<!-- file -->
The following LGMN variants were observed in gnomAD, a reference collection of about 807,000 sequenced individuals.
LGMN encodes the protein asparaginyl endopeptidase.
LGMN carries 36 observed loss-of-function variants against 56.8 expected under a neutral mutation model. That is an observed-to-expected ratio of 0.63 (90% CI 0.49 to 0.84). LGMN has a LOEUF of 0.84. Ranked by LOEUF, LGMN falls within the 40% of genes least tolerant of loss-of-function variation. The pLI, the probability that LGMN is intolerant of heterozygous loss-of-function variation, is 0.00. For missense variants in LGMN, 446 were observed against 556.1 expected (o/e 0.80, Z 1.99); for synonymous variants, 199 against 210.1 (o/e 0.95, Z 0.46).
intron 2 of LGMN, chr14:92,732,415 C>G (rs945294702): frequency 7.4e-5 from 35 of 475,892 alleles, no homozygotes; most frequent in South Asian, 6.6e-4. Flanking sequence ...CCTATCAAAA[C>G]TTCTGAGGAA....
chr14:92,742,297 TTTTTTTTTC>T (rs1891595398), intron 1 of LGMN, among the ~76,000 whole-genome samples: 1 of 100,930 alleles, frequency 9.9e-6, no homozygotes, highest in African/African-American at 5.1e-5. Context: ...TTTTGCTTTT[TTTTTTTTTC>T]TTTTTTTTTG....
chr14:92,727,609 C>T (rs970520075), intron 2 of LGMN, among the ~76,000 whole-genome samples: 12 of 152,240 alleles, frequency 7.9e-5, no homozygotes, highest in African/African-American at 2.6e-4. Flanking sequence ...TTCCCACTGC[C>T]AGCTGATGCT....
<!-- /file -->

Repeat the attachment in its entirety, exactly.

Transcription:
The following LGMN variants were observed in gnomAD, a reference collection of about 807,000 sequenced individuals.
LGMN encodes the protein asparaginyl endopeptidase.
LGMN carries 36 observed loss-of-function variants against 56.8 expected under a neutral mutation model. That is an observed-to-expected ratio of 0.63 (90% CI 0.49 to 0.84). LGMN has a LOEUF of 0.84. Ranked by LOEUF, LGMN falls within the 40% of genes least tolerant of loss-of-function variation. The pLI, the probability that LGMN is intolerant of heterozygous loss-of-function variation, is 0.00. For missense variants in LGMN, 446 were observed against 556.1 expected (o/e 0.80, Z 1.99); for synonymous variants, 199 against 210.1 (o/e 0.95, Z 0.46).
intron 2 of LGMN, chr14:92,732,415 C>G (rs945294702): frequency 7.4e-5 from 35 of 475,892 alleles, no homozygotes; most frequent in South Asian, 6.6e-4. Flanking sequence ...CCTATCAAAA[C>G]TTCTGAGGAA....
chr14:92,742,297 TTTTTTTTTC>T (rs1891595398), intron 1 of LGMN, among the ~76,000 whole-genome samples: 1 of 100,930 alleles, frequency 9.9e-6, no homozygotes, highest in African/African-American at 5.1e-5. Context: ...TTTTGCTTTT[TTTTTTTTTC>T]TTTTTTTTTG....
chr14:92,727,609 C>T (rs970520075), intron 2 of LGMN, among the ~76,000 whole-genome samples: 12 of 152,240 alleles, frequency 7.9e-5, no homozygotes, highest in African/African-American at 2.6e-4. Flanking sequence ...TTCCCACTGC[C>T]AGCTGATGCT....